At the top of the gorge the climate is dry and hot, feeling almost like the Sierra Nevada, though the Tirolean architecture and Alpine peaks in the distance remind you where you are.
Molly, Tom, Barb and I spent a week in a chalet at the Ropferhof Guesthouse in the Tirol region of Austria. The property is set next to a large network of hiking trails and consists of a chalet, large guesthouse and the Ropferstub’m restaurant which sit high above the Inn Valley, overlooking Alpine peaks . The owners,…
On day two we ascended three times higher than the previous day on Alta Badia, and landed on what looked and felt like the moon. It was unreal, and such a total departure from the lush meadows and rolling hills of the mountains below. As I write this two weeks later, we’re still drunk off…
Previously unknown and unimagined by three of us (except for Adam who had placed the Dolomites at the top of his list of things to see in Europe), we were collectively FLOORED (like jaws on the ground) by the vast landscape of uniquely laudable mountains in every direction.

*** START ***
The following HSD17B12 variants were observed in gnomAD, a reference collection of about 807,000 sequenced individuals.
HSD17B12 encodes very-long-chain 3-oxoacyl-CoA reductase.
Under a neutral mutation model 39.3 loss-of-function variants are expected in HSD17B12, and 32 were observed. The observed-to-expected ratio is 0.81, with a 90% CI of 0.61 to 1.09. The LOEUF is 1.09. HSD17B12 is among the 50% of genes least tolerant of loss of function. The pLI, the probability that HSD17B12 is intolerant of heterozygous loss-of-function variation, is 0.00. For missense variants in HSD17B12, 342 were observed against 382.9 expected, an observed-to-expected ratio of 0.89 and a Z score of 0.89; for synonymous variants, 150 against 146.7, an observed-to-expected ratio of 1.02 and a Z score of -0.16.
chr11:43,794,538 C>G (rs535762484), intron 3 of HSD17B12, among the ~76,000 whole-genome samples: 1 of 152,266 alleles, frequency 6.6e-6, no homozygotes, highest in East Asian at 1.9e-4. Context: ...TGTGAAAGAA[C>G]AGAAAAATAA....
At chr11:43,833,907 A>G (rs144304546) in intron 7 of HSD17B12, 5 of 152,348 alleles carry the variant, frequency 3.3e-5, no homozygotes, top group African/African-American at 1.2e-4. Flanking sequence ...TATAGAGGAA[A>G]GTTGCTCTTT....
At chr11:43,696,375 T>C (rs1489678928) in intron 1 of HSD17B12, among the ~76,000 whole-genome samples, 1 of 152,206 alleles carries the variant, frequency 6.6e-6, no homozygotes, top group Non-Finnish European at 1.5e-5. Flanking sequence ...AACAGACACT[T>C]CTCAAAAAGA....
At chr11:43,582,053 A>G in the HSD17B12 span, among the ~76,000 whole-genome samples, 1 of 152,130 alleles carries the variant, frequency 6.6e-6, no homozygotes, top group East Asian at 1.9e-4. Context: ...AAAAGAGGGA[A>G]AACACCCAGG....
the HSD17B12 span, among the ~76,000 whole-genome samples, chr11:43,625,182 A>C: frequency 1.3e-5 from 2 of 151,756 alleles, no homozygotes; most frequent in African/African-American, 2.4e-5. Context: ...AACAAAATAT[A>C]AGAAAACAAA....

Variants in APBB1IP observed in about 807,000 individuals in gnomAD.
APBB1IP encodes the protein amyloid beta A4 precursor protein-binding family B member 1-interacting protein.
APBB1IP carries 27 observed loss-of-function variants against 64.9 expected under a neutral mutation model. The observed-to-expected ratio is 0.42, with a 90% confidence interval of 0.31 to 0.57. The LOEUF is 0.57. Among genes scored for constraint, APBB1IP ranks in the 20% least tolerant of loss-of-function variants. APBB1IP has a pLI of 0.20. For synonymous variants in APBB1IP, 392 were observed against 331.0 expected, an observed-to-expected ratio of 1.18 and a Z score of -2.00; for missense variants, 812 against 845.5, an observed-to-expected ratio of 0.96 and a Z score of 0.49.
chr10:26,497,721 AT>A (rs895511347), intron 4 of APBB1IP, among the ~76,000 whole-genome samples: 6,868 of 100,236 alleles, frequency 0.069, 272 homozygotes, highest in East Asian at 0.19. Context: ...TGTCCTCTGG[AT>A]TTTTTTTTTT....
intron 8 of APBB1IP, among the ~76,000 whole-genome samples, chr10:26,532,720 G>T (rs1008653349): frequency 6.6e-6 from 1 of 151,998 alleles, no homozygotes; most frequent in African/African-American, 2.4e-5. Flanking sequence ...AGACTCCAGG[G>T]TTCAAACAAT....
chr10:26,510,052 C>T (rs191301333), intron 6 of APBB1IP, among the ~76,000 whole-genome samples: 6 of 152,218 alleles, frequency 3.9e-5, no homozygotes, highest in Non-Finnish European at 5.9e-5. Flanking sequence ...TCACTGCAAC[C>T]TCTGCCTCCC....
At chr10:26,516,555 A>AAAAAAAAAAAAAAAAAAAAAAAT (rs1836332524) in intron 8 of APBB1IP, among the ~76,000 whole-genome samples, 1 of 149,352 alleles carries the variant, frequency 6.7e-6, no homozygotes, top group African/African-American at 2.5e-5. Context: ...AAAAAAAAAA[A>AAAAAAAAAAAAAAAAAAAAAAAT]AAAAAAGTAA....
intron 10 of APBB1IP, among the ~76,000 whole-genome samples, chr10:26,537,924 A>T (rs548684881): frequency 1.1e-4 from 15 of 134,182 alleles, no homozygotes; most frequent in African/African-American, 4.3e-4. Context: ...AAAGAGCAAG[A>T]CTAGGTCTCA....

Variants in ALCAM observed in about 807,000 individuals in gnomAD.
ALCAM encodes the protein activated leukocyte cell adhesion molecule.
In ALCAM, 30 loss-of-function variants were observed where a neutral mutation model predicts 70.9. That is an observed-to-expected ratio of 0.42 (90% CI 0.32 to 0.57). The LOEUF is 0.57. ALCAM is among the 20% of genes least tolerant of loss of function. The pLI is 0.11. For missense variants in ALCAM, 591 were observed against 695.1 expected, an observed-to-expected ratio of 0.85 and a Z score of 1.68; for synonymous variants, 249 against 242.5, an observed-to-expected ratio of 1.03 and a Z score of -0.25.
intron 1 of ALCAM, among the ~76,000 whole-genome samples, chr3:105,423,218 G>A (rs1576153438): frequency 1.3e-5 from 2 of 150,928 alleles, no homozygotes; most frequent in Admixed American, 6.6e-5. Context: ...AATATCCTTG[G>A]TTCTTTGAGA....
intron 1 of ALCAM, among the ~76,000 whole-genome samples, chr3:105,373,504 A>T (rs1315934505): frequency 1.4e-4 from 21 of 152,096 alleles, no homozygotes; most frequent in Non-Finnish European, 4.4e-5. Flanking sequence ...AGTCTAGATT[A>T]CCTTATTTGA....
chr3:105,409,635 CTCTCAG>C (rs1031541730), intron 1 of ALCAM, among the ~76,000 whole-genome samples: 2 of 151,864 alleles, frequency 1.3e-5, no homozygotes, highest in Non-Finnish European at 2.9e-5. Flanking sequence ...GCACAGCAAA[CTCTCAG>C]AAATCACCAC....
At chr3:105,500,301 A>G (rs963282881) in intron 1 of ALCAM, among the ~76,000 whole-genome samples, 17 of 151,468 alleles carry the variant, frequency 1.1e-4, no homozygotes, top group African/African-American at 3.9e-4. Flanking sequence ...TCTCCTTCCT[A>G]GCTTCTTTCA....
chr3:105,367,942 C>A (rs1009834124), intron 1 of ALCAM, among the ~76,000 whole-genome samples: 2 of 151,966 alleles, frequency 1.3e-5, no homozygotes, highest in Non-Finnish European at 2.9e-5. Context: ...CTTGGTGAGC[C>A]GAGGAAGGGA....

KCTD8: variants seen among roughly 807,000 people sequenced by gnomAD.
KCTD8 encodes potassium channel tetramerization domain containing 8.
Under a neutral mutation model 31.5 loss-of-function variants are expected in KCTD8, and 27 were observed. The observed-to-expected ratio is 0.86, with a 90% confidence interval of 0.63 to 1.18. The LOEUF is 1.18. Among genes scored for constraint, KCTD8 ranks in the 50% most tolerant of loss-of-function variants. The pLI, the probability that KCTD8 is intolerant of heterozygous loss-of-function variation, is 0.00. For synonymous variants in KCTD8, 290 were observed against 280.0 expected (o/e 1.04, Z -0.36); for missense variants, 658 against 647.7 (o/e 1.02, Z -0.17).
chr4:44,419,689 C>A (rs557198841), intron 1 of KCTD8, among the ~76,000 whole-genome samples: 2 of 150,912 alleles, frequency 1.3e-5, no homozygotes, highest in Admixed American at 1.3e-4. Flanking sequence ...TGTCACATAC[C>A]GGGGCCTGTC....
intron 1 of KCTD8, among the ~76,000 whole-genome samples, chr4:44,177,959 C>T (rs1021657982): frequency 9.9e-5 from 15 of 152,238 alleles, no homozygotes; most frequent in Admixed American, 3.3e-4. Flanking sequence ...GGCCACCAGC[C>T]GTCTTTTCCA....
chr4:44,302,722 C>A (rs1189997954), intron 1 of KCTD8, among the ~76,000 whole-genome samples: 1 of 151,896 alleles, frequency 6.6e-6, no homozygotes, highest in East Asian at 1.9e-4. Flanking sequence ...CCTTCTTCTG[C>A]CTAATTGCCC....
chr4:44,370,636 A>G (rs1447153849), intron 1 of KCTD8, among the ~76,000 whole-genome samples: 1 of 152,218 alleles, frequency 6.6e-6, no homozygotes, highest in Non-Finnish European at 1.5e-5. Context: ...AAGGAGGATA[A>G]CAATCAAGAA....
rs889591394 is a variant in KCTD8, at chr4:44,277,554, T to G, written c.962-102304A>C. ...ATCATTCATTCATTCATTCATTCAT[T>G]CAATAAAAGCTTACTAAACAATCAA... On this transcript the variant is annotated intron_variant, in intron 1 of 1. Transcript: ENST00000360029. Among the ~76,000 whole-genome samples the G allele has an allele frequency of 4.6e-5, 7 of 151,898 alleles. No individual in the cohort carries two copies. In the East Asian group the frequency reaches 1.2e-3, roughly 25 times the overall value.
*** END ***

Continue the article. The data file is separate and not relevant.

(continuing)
The first thing we noticed about the Alps is that everyone is using the hiking trails: we’ve seen numerous 3 year-olds scaling peaks with their parents and an endless string of 80 year-old couples have passed by us on trails above the treeline.
Over the top of the ridge we came across a mountain of garbage on the hillside of a mostly abandoned homestead. Past the homestead, seemingly out of nowhere, was a decaying WWII bunker overlooking the entirety of the bay.
Adam and I hiked up to Stoliv Gornjl, by all appearances a ghost town, situated on the side of the Vrmac peninsula behind our house. We read about this trail through Marianne van Twillert, a Dutch woman who writes an in-depth blog about living in Montenegro.